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Full Day Kindergarten: More Than "Full Time Day Care"

Updated on February 27, 2020
Christina St-Jean profile image

I am a mom of two awesome children who teach me more than I ever thought possible. I love writing, exercise, movies, and LGBT advocacy.

The Lawyer's Slip-Up

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Kindergarten Teachers Can Color A Child's View Of School Forever

I adored my kindergarten teacher.

Mrs. Cauthers had a kind face, a very maternal nature, and even made time out of her day to come visit me at home when I was recovering from a tonsilectomy. She made me feel safe in being at school, when at the time, I was terrified of being away from home. I didn't do as most kids now do; I didn't go to daycare, as my parents made the decision that my mother would stay home until my sister and I were in school at least part-time, and she would work her schedule around our school commitments. I honestly don't remember much of kindergarten, except Mrs. Cauthers made it safe, and she made it fun.

Flash forward some four decades, and now I'm a parent with two girls - a teen and a preteen - and I'm grateful to their kindergarten teachers as well for having the patience with both girls to make sure they felt safe and that they learned learning could be fun and exciting. I also have friends who teach full-day kindergarten in Ontario, and while I hear exciting adventures about kids trying to pick their nose and make their friends eat it, or how one little guy helped another friend get ready to go outside, I also hear the absolute passion my friends have for their work.

My one friend has an Educational Assistant roughly a half an hour daily, at least one student deemed "medically fragile," and a few students who from the sounds of it are carrying the weight of the world on their small shoulders. If memory serves, she has around 25 or 30 kids in her class, all with different needs and capabilities and daily "stuff" they have on their minds. Somehow, though, my friend continues to pour her heart and absolute soul into everything she's doing, ranging from setting up a week of Christmas around the world where her students could learn about the different Christmas traditions different countries have, to taking her kids outdoors to do science, to helping these very small kids navigate some very big feelings. She is the first person who these students are relying on to start them on their educational journey, and at the end of the day, they will remember everything she's done well into high school and post-secondary education.

My other friend is also a kindergarten teacher, and she's told me stories as well about the learning adventures her kids enjoy. With the job action currently ongoing, she's seen some of these kids come to the picket lines saying thank you and bearing cookies for her and her colleagues. I see her trying to set up the best program she can while keeping in mind each child's individual needs and abilities, and she's bending over backward to ensure these kids are being set up for scholastic success while also ensuring they learn various positive character traits, like kindness.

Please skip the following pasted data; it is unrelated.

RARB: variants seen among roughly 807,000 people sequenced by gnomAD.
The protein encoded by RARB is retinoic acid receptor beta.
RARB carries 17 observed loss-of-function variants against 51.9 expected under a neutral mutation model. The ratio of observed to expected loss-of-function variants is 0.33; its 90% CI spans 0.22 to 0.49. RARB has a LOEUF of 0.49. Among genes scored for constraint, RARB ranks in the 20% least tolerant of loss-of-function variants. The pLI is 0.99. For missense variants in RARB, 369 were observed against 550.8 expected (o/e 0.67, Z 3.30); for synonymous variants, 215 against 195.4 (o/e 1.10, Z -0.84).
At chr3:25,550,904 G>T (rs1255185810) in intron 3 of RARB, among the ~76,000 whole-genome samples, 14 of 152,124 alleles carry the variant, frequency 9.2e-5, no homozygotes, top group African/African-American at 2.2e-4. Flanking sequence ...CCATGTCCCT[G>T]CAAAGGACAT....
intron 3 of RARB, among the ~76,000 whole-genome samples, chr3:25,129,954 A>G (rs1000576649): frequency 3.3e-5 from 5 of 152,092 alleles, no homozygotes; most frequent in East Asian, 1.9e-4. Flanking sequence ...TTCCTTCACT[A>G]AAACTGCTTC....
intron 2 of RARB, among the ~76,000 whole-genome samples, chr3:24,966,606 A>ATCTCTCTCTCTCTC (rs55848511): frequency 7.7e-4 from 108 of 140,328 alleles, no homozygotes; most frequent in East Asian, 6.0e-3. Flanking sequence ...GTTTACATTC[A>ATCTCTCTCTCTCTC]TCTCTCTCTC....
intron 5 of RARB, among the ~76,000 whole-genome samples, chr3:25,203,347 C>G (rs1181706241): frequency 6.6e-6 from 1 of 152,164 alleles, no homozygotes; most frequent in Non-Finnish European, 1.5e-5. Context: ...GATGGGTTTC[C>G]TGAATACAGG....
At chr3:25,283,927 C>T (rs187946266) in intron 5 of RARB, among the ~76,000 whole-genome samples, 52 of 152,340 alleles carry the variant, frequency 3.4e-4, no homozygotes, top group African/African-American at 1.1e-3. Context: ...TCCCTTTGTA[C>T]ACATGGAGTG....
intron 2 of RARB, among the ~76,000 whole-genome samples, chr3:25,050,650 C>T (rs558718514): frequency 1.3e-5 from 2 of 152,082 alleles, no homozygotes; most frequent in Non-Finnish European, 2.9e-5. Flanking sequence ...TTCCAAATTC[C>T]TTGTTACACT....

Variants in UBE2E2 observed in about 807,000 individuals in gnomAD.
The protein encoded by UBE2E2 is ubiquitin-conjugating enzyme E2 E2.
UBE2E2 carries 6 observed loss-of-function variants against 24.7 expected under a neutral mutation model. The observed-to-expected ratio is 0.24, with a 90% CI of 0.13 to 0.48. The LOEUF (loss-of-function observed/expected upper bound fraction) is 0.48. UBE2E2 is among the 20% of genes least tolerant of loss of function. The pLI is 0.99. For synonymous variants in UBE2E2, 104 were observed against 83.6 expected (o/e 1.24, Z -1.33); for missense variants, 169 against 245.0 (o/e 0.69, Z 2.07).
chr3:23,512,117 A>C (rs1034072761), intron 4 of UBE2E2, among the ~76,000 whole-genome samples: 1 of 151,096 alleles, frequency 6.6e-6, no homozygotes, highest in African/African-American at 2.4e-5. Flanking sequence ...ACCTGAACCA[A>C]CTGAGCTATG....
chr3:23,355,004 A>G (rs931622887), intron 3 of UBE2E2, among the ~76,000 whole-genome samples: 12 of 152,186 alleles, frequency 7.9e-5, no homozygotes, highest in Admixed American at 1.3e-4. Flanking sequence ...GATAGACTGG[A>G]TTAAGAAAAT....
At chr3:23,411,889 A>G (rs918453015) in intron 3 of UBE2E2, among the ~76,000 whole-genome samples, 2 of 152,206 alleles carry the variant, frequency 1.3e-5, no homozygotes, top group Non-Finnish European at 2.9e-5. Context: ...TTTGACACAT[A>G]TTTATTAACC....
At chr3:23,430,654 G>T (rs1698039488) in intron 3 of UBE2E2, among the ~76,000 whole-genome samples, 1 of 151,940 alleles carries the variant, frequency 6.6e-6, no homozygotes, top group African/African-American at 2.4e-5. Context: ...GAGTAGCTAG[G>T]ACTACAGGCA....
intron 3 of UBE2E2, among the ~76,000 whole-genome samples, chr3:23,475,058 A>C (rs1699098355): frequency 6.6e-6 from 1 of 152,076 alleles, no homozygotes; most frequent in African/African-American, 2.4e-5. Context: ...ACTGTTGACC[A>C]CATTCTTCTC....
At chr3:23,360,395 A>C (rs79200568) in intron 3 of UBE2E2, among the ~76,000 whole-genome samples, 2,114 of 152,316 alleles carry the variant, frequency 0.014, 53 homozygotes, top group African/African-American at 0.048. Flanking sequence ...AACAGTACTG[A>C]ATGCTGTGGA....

To hear an Ontario government lawyer slip up at an Ontario Labour Relations Board hearing and refer to Ontario's prized Full Day Kindergarten program as "full-time daycare" is demeaning to my friends and anyone who is a kindergarten teacher. It also serves to further highlight just how poorly the Ontario government - or at least the Ministry of Education considers Full Day Kindergarten.

Any educator working in a kindergarten program knows just how busy your day is. Granted, I deal with high school students, who are a far cry from these little guys who are just starting out, but when you're talking about 25 or 30 four- or five-year-olds in a classroom who are supercharged and ready to learn and play and grow, you're looking at an incredibly busy day, to put it politely. Any one of a number of joys and emotional crises can occur when you're five, and when you're looking at the educator at the front of a classroom to help you for guidance, and said educator is also trying to help two other students through a math challenge, while another is feeling sad because their dog is sick, while another wants to celebrate because he or she just wrote their name on their own with no help, and another is looking for a different book to read, you quickly learn that anyone involved with a full-day kindergarten classroom must have superhero blood flowing through their veins.

I could not do what my friends do. I couldn't, and that's with me knowing that I adore little kids. Yet, they continue to pour their absolute heart into educating these new students and showing them that education can be a great experience.

If anyone involved with the Ontario government had actually gone to a publicly funded classroom to see what went on, perhaps the government might have a better appreciation for what teachers do. If that government lawyer even experienced a half-hour in a full-day kindergarten class, he, and perhaps the Conservatives as a whole, might have a different appreciation for full-day kindergarten.

Don't get me wrong - daycare has its place, and does a wonderful job in encouraging learning in kids before they get to school - but to slip and refer to full-day kindergarten as full-time daycare is appalling.

Again, the Ford government needs to do better, but at this point, is anyone surprised?

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